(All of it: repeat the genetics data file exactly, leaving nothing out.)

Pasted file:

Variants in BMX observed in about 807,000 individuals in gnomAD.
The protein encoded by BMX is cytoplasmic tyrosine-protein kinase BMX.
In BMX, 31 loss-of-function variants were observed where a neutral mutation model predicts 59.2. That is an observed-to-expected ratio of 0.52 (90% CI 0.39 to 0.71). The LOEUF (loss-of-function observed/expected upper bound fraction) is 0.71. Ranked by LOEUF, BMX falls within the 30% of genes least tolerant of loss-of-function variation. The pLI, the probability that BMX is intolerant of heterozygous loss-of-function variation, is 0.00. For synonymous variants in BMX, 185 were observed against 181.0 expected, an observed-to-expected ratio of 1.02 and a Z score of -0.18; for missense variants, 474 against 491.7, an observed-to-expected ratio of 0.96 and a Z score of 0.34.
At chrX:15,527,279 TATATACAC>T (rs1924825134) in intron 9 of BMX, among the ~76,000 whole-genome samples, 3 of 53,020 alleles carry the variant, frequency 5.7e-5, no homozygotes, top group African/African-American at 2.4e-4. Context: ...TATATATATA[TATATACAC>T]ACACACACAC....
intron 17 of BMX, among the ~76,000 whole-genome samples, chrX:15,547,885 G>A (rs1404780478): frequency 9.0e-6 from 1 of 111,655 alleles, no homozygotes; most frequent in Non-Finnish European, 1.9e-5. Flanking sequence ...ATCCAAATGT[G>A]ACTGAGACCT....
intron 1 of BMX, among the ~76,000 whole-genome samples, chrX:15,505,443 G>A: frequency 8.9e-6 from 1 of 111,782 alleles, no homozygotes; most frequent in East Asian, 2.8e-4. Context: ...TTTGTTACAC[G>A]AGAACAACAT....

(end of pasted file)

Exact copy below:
Variants in BMX observed in about 807,000 individuals in gnomAD.
The protein encoded by BMX is cytoplasmic tyrosine-protein kinase BMX.
In BMX, 31 loss-of-function variants were observed where a neutral mutation model predicts 59.2. That is an observed-to-expected ratio of 0.52 (90% CI 0.39 to 0.71). The LOEUF (loss-of-function observed/expected upper bound fraction) is 0.71. Ranked by LOEUF, BMX falls within the 30% of genes least tolerant of loss-of-function variation. The pLI, the probability that BMX is intolerant of heterozygous loss-of-function variation, is 0.00. For synonymous variants in BMX, 185 were observed against 181.0 expected, an observed-to-expected ratio of 1.02 and a Z score of -0.18; for missense variants, 474 against 491.7, an observed-to-expected ratio of 0.96 and a Z score of 0.34.
At chrX:15,527,279 TATATACAC>T (rs1924825134) in intron 9 of BMX, among the ~76,000 whole-genome samples, 3 of 53,020 alleles carry the variant, frequency 5.7e-5, no homozygotes, top group African/African-American at 2.4e-4. Context: ...TATATATATA[TATATACAC>T]ACACACACAC....
intron 17 of BMX, among the ~76,000 whole-genome samples, chrX:15,547,885 G>A (rs1404780478): frequency 9.0e-6 from 1 of 111,655 alleles, no homozygotes; most frequent in Non-Finnish European, 1.9e-5. Flanking sequence ...ATCCAAATGT[G>A]ACTGAGACCT....
intron 1 of BMX, among the ~76,000 whole-genome samples, chrX:15,505,443 G>A: frequency 8.9e-6 from 1 of 111,782 alleles, no homozygotes; most frequent in East Asian, 2.8e-4. Context: ...TTTGTTACAC[G>A]AGAACAACAT....